Effects of Structural Integration on State-Trait Anxiety

From "Journal of Clinical Psychology"
Pages: 319-322
Year: 1979
Others publications and sources

Others publications and sources

From "Journal of Clinical Psychology"

Of the numerous new intervention techniques designed to improve the general well-being through postural alignment, Structural Integration has received rapid and popular acclaim. Structural Integration, or rolfing as it is popularly lagoon, is a technique for reordering the body so as to bring its major segments-head shoulder, thorax, pelvis and legs-into a finer vertical alignment. The theory and techniques of rolfing are derived from the elemental fact that human bodies are affected by the pull of gravity. If gravitational force is managed effectively through the lines of gravity, mechanical stress is minimized, which allows freedom of movement and economical use of energy (Hunt & Massey, 19, I). Rolfing consists of a carefully worked-out sequence of manipulations in which the roller reverses the randomizing influence of the environment by mooring tissue toward symmetry and balance (Pierce, Note 1). Thus, rolfing aims to create and maintain a more balanced energy system that conserves energy rather than expends it. To achieve this end, rolf practitioners concentrate on fascia and connective tissue and apply the necessary force with fingers, elbows, clenched fists and open hands.

The consequences of rolfing vary a great deal depending on the individual’s body structure; However, besides a change in the physiological and anatomical structure of the body, practicitioners and patients have claimed that rolfing causes psychological change as well. Rolf (1973) argues that emotional pain and anger often are repressed and held in the musculature at a physical level. Usually, painful blockages during rolfing betray areas that harbor residues of stressful emotional experiences. After rolfing, a great deal of this anger and resentment seem to disappear so that individuals can meet situations with less tension and anxiety. Despite these claims by practitioners and patients, no empirical studies have been conducted to determine whether Structural Integration causes a reduction in anxiety. Spielberger (1966) has argued that when one is assessing anxiety, one must distinguish between anxiety as a relatively stable disposition (trait anxiety) and as an immediate “right now” reaction. Therefore, it was the purpose of the present investigation to determine the effects of Structural Integration on state trait anxiety.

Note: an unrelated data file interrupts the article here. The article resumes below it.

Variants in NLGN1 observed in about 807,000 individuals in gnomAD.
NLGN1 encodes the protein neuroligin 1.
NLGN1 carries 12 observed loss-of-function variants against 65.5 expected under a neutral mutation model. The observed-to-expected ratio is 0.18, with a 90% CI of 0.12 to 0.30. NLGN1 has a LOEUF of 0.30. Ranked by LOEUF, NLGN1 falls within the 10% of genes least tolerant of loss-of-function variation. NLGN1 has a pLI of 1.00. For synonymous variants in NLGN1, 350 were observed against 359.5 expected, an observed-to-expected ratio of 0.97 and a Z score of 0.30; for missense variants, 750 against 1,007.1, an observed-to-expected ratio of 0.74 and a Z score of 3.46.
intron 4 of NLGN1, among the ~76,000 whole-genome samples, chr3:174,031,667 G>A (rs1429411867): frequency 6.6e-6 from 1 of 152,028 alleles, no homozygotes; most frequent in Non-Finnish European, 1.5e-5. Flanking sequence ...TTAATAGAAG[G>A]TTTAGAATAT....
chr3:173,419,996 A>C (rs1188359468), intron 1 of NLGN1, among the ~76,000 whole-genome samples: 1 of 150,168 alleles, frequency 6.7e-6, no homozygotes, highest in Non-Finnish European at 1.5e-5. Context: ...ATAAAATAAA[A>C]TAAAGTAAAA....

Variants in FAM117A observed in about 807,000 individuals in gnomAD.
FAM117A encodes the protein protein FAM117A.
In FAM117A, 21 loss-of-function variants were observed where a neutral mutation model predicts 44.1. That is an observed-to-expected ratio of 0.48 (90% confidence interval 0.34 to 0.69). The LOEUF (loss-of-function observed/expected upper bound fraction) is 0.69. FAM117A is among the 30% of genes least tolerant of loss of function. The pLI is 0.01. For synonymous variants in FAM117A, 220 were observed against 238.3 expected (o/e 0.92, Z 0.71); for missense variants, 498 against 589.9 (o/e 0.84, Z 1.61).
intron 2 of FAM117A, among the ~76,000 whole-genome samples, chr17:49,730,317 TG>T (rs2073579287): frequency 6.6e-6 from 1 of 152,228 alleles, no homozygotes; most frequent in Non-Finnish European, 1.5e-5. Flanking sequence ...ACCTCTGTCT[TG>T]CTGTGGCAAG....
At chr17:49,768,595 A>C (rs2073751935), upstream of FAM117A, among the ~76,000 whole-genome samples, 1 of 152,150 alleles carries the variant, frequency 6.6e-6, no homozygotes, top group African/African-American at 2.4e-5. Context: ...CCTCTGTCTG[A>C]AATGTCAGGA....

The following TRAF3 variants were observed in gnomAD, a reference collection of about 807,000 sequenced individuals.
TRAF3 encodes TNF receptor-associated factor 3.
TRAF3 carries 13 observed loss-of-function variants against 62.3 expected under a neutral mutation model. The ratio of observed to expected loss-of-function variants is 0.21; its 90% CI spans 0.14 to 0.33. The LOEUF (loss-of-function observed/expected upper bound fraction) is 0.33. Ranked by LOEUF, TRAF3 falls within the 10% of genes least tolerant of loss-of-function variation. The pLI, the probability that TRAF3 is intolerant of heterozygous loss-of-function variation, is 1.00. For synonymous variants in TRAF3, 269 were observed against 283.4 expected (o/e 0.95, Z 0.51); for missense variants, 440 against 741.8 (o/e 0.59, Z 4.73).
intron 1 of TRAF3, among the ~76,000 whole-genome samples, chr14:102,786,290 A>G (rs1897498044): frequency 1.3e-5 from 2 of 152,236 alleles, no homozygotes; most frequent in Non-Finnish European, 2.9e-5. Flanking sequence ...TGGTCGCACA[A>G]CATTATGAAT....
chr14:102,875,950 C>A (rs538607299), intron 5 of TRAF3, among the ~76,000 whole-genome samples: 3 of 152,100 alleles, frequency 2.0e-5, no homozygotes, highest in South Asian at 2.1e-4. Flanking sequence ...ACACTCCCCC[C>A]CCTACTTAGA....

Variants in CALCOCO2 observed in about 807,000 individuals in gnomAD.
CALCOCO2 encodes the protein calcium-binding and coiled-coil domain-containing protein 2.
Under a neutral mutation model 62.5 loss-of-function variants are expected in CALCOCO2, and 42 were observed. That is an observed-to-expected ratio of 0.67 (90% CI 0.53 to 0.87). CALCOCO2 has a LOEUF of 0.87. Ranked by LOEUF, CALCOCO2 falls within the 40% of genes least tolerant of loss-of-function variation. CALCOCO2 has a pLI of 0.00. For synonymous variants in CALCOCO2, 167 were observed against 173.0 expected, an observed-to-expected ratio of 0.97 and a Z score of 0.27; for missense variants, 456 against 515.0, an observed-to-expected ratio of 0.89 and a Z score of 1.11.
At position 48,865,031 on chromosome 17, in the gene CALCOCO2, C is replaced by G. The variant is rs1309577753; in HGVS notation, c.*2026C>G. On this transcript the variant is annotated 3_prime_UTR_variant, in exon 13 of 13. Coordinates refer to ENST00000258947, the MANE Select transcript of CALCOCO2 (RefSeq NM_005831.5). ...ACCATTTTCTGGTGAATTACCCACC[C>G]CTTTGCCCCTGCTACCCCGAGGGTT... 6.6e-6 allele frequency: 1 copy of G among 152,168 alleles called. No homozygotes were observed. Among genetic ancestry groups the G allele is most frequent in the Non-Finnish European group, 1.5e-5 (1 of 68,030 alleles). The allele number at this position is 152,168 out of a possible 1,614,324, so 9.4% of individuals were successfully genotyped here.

Ss were 48 volunteer students from universities in the Los Angeles area. Ss were randomly assigned to either an experimental (rolfing) or control group. There were 12 males and 12 females in both the experimental and control groups.


As Ss entered the laboratory they were asked to relax for 5 minutes and then were given the state anxiety and trait anxiety questionnaires (Spielberger, Gorsuch, & Lushene, 1970). Ss then were electroded on four sets of muscles with bipolar silver/silver chloride surface electrodes. Electromyographic readings were made during five activities-lying, throwing, lifting a stool, Jogging and stepping up on a stool-chosen as a representative sampling of daily activity that involved gross motor activity of arm, trunk and leg muscles. These activities were used to determine the effect of Structural Integration on the neuromuscular patterning of energy, and results are reported elsewhere (Hunt, Massey, Weinberg, Bruyere, & Hahn, 1977). After the completion of the experimental procedures, Ss were given the second state anxiety questionnaire.

During the intervening 5 weeks Ss in the experimental group there rolled twice a week; each session lasted approximately 1 hour. Control Ss were not rolled, but instead were brought into the laboratory twice a week for 5 weeks and given a series of exercises and movements. Ss were told that these exercises would increase their general physical well-being. This was done to insure that each group received equal attention and thus the results could not be attributed to expectancy effects. After the 5-week period, both experimental and control Ss were brought back individually into the laboratory and administered state anxiety questionnaires and the electromyographic recordings in the same sequence as described above. The only deviation was that no trait anxiety measures were ascertained because this was a relatively stable disposition. To recapitulate, the major dependent variables were the four state anxiety questionnaires, two administered before rolfing, both pro- and post-instrumentation, and two after rolfing, both pre- and post- instrumentation.